social change

The African American Cultural Center of the Capital Region, Inc., (AACCCR) is proud to present, for the third year in a row, The African American History Month Celebration at the Palace Theatre on Friday, February 24th at 7:00pm.

The annual celebration features the best and brightest talent in the region. This year’s theme is “Where Do We Go From Here?” focusing on participating in grass roots activism for social change. Bervin Harris, co-founder and CEO of the Renaissance Youth Group, will be the keynote speaker.

To give us a preview, we welcome Angela O’Neal – Executive Director of the African American Cultural Center of the Capital Region and Holly Brown – Executive Director of the Palace Theatre. 

Guapa By Saleem Haddad

Aug 23, 2016

  Set over the course of twenty-four hours, Guapa follows Rasa, a gay man living in an unnamed Arab country, as he tries to carve out a life for himself in the midst of political and social upheaval. Rasa spends his days translating for Western journalists and pining for the nights when he can sneak his lover, Taymour, into his room.

One night Rasa's grandmother — the woman who raised him — catches them in bed together. The following day Rasa is consumed by the search for his best friend Maj, a fiery activist and drag queen star of the underground bar, Guapa, who has been arrested by the police. Ashamed to go home and face his grandmother, and reeling from the potential loss of the three most important people in his life, Rasa roams the city’s slums and prisons, the lavish weddings of the country’s elite, and the bars where outcasts and intellectuals drink to a long-lost revolution.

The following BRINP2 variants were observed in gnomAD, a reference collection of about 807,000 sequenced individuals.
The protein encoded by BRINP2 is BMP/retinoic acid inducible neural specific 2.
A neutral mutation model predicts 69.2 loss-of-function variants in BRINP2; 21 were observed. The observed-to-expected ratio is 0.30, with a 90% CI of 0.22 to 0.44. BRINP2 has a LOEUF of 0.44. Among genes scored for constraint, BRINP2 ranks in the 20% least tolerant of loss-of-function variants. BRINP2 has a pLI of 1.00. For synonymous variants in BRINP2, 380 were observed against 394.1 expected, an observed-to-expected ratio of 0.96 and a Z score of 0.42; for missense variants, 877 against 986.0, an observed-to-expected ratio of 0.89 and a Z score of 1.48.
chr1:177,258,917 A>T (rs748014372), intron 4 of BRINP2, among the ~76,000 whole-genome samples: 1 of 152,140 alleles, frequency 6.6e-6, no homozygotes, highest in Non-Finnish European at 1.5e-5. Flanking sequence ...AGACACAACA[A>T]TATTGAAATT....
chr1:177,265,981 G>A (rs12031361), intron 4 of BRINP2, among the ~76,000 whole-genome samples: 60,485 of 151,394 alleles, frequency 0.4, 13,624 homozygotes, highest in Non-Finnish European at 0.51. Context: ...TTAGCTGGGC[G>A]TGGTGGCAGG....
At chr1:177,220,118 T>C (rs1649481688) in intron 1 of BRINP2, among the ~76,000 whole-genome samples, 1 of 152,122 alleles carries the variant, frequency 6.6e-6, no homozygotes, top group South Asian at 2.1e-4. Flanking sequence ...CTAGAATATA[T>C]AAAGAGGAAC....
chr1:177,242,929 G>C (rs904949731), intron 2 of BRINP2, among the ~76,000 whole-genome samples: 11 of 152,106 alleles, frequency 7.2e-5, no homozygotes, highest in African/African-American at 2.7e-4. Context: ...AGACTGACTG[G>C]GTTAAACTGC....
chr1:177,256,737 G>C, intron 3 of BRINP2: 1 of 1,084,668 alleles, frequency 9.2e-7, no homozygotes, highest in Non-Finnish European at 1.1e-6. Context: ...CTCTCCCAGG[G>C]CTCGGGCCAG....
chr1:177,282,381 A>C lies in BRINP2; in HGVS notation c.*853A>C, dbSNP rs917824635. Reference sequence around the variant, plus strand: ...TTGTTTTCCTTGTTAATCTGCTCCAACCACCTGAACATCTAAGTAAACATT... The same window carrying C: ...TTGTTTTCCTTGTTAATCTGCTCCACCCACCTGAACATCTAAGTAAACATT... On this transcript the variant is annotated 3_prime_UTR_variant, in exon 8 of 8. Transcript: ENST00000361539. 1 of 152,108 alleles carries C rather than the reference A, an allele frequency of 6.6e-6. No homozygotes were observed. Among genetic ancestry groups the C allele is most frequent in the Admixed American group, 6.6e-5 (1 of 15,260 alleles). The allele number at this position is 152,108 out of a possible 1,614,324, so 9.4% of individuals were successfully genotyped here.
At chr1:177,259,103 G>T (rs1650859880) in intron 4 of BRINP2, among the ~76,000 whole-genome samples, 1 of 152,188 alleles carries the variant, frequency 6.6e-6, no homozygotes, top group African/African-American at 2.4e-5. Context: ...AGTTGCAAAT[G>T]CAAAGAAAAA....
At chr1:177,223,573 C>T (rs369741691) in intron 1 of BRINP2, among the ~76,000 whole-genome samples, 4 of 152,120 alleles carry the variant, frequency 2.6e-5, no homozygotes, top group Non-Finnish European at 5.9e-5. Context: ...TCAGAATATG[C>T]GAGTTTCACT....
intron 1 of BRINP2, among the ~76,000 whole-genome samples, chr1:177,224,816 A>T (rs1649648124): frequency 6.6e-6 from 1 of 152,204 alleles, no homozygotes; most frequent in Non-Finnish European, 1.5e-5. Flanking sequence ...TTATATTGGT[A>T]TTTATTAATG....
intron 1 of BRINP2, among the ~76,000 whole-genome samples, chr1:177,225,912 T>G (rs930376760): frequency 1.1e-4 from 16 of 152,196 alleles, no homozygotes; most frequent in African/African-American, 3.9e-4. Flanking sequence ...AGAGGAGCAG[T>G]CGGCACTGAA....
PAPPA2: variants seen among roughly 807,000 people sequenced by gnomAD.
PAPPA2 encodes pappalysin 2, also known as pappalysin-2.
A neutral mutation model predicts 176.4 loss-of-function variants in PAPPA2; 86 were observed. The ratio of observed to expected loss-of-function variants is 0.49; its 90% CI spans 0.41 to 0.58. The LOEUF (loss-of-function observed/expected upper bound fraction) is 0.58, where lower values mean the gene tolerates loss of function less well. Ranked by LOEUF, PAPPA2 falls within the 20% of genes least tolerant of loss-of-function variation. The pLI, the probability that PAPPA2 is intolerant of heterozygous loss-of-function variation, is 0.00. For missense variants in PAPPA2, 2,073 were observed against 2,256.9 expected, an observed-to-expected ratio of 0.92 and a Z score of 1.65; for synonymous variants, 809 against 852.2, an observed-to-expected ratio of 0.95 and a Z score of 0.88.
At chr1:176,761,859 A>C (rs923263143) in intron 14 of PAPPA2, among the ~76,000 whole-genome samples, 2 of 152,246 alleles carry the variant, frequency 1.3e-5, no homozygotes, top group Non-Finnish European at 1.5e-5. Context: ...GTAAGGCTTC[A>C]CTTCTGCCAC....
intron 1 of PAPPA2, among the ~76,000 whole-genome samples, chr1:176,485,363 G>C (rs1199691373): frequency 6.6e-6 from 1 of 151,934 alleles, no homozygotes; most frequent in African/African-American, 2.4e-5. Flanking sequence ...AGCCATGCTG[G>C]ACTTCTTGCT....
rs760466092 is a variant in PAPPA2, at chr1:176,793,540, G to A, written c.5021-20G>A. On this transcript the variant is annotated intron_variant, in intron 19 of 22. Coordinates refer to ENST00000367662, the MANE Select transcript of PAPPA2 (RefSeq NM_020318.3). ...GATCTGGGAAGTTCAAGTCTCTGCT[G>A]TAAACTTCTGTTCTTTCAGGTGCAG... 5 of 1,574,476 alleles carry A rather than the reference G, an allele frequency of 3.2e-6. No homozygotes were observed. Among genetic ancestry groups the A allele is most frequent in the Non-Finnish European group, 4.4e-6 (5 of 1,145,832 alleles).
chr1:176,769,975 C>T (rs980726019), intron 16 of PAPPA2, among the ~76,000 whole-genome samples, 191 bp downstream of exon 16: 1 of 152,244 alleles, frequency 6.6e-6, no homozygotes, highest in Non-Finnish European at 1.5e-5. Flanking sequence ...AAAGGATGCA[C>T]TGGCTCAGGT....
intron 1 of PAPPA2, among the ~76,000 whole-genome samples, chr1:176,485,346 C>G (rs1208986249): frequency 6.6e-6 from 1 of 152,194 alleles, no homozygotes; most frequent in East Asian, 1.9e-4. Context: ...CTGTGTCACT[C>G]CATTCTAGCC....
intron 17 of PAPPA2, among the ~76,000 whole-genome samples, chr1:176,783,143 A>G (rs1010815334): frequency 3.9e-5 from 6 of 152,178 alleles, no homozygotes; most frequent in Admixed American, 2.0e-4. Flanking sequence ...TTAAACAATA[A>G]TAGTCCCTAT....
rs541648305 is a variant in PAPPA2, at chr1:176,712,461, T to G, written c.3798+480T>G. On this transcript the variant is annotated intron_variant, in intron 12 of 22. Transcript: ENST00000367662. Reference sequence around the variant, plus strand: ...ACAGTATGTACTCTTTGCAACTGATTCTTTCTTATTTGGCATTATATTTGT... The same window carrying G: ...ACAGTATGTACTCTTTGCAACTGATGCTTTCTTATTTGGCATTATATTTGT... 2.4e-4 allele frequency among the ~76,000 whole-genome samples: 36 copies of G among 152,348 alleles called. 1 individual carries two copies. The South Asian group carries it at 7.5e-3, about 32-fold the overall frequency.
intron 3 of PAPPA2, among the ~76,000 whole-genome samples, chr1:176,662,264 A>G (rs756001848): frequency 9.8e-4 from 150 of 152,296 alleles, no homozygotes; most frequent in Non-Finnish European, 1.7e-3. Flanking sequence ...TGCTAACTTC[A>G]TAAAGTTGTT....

Andrew Solomon will be at Oblong Books on 5/14.   (This interview names the incorrect date for the event.)

  Far and Away collects Andrew Solomon’s writings about places undergoing seismic shifts—political, cultural, and spiritual.

Chronicling his stint on the barricades in Moscow in 1991, when he joined artists in resisting the coup whose failure ended the Soviet Union, his 2002 account of the rebirth of culture in Afghanistan following the fall of the Taliban, his insightful appraisal of a Myanmar seeped in contradictions as it slowly, fitfully pushes toward freedom, and many other stories of profound upheaval, this book provides a unique window onto the very idea of social change.

Geoffrey Canada has devoted his life to help change the quality of life of inner city children across the United States. From 1990 to 2014, he served as the President and Chief Executive Officer for the Harlem Children’s Zone, an organization which has guided more than 13,000 children and 14,000 adults through programs which focus on education, housing development, and community pride. In response to the program’s success, the Obama administration announced a replica program, Promise Neighborhoods, which in 2010 was awarded $10 million in federal grants in hopes of aiding 21 poverty-stricken communities in U.S. cities.

In 2011, Geoffrey Canada was named to the TIME 100 list of most influential people, and, in 2014, was named as one of Fortune’s 50 greatest leaders in the world. He will be speaking at Siena College’s Marcelle Athletic Complex on Thursday, March 26 at 7 p.m. as part of Siena’s Martin Luther King Jr. and Coretta Scott King Lecture Series on Race and Nonviolent Social Change.